Assume the following scenario:

-two objects in constant velocity free fall side by side to each other (imagine two astronauts in orbit)

-one of the two astronauts is inside a non rotating ring structure (imagine space station in orbit) but not connected to the structure in any way

-space station is also moving at constant velocity so that there is no relative motion between the three objects

-only thing separating the two astronauts is the wall of the ring structure

If the ring begins to spin about its axis without otherwise changing its constant velocity or relative motion to the two astronauts, will the astronaut inside the ring nonetheless experience centripetal forces and thus "artificial gravity" and be forced toward the outer wall of the ring whereas the other astronaut does not experience any relative force?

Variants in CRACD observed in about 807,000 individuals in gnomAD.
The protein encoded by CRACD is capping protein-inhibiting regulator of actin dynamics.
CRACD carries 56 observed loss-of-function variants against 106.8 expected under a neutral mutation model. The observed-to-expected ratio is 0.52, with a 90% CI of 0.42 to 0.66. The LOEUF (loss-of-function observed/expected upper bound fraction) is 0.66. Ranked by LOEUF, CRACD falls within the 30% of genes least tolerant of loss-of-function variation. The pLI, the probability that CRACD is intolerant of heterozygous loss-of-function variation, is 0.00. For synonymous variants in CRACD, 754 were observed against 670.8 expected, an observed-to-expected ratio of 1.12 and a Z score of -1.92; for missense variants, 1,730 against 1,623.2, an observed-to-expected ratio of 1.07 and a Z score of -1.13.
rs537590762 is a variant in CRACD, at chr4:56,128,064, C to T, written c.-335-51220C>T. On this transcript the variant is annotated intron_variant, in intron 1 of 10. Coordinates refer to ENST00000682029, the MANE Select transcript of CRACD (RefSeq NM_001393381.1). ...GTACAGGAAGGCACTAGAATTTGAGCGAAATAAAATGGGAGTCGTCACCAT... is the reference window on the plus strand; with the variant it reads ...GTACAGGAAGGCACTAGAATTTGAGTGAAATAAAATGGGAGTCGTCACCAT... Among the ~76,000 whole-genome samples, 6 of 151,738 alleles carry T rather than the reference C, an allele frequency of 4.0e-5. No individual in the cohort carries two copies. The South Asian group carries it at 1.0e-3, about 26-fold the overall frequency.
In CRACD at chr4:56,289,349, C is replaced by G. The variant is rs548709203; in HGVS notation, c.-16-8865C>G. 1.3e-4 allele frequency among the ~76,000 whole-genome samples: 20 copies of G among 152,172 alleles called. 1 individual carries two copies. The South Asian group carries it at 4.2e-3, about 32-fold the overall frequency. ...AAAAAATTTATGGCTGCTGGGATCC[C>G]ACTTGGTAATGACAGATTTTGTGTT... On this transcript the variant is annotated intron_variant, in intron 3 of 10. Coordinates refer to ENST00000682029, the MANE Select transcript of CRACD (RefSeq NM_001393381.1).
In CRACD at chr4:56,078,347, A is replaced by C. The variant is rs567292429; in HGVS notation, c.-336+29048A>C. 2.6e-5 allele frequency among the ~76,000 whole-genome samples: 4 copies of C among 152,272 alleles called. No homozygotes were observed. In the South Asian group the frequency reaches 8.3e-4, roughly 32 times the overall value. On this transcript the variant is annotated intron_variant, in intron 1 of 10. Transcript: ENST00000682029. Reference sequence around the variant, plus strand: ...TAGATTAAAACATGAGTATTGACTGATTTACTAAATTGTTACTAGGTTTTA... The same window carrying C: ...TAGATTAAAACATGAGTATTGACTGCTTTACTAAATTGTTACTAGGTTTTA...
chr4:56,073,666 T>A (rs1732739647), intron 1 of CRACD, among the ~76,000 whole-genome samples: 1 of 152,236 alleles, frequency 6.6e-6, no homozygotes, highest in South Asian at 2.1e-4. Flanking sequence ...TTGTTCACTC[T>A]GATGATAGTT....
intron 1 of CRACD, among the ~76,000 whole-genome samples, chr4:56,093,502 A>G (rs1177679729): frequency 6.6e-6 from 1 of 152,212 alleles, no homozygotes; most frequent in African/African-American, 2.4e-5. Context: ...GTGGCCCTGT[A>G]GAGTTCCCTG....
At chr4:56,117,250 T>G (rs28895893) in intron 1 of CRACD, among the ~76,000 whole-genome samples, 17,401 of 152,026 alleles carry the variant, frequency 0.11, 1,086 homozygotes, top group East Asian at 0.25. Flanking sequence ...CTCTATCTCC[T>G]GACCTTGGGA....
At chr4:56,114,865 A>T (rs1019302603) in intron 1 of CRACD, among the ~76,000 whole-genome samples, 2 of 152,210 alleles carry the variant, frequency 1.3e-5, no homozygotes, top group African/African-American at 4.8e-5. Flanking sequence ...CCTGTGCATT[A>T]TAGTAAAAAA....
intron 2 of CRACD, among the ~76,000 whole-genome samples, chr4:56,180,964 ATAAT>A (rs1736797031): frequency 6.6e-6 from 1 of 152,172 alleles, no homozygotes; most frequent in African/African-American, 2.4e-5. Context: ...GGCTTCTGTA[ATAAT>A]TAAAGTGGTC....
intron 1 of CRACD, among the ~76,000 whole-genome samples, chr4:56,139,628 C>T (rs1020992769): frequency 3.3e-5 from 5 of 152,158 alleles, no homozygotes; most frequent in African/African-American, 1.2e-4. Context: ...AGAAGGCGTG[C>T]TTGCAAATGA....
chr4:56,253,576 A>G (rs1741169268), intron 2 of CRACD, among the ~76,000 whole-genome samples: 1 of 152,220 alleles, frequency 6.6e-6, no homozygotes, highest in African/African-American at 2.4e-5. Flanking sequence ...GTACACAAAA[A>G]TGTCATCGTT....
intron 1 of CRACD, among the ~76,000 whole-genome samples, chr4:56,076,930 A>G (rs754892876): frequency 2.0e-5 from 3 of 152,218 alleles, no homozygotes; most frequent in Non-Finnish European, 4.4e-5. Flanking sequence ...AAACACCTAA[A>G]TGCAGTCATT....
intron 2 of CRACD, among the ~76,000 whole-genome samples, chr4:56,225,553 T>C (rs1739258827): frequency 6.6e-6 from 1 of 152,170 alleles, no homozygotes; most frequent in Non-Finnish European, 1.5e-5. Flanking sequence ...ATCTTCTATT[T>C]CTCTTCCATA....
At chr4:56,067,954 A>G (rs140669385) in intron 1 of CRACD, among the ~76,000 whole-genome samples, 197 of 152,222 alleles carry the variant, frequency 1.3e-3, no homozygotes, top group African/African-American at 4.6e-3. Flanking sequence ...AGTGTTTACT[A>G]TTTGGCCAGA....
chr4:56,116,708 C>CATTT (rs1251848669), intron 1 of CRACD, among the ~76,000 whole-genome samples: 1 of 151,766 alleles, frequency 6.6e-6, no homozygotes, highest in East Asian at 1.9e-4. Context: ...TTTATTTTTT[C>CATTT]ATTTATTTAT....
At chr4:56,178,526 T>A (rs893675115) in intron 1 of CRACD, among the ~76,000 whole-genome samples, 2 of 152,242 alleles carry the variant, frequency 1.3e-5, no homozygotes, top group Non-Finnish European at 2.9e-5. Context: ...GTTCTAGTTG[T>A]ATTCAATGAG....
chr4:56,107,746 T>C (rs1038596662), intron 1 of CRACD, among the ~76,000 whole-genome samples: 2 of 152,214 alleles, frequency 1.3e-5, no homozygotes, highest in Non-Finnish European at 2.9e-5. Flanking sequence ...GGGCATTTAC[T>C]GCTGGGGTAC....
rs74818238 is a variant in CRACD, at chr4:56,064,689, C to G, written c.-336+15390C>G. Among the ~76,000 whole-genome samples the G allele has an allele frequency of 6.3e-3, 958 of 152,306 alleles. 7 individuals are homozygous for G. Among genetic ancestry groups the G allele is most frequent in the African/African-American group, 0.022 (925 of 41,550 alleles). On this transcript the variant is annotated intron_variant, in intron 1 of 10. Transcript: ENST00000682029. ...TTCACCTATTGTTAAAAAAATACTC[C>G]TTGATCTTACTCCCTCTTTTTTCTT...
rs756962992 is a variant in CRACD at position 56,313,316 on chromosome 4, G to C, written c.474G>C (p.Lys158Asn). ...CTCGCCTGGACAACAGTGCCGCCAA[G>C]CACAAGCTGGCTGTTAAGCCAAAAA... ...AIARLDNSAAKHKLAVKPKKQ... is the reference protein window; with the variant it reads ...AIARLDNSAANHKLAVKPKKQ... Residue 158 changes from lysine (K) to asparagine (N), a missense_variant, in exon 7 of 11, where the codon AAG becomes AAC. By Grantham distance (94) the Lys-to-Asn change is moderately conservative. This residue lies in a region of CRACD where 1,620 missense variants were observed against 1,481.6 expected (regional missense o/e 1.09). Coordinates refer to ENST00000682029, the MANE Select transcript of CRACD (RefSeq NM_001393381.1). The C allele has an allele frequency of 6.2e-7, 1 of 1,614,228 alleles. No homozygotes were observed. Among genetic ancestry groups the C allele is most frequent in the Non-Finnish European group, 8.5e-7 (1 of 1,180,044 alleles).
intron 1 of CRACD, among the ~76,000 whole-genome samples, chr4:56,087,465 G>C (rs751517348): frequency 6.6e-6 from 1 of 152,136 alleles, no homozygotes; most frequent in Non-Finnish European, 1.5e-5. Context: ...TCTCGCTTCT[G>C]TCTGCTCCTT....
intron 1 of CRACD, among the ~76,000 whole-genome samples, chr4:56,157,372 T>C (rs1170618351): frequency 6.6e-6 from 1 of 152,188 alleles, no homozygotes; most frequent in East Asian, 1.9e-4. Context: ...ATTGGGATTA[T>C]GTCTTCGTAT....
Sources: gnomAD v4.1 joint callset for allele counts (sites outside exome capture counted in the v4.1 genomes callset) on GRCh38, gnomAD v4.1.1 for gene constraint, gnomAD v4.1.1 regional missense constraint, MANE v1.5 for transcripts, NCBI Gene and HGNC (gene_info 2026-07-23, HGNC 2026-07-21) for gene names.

From reading and seeing this basic premise in science materials (and in science fiction films no less like Interstellar, Martian, 2001), this should be the expected outcome, but this seems like "spooky action at a distance" as well.

How does the spinning of the ring suddenly create a force that acts on the astronaut in free fall inside the ring whereas the astronaut immediately adjacent to but just outside the ring wall not feel any force?


1 Answer 1


No, the spinning of the ring itself does not suddenly create a force on the astronaut. It is the tangential velocity of the astronaut that makes him hit the ring, as he can not continue traveling straight due to the ring being in front of him, which ultimately leads to a change in direction and a corresponding force to make that change.

In short, astronaut will experience a force only if he is connected to the rotating ring. And to simplify even more, their rotational speeds should mach.


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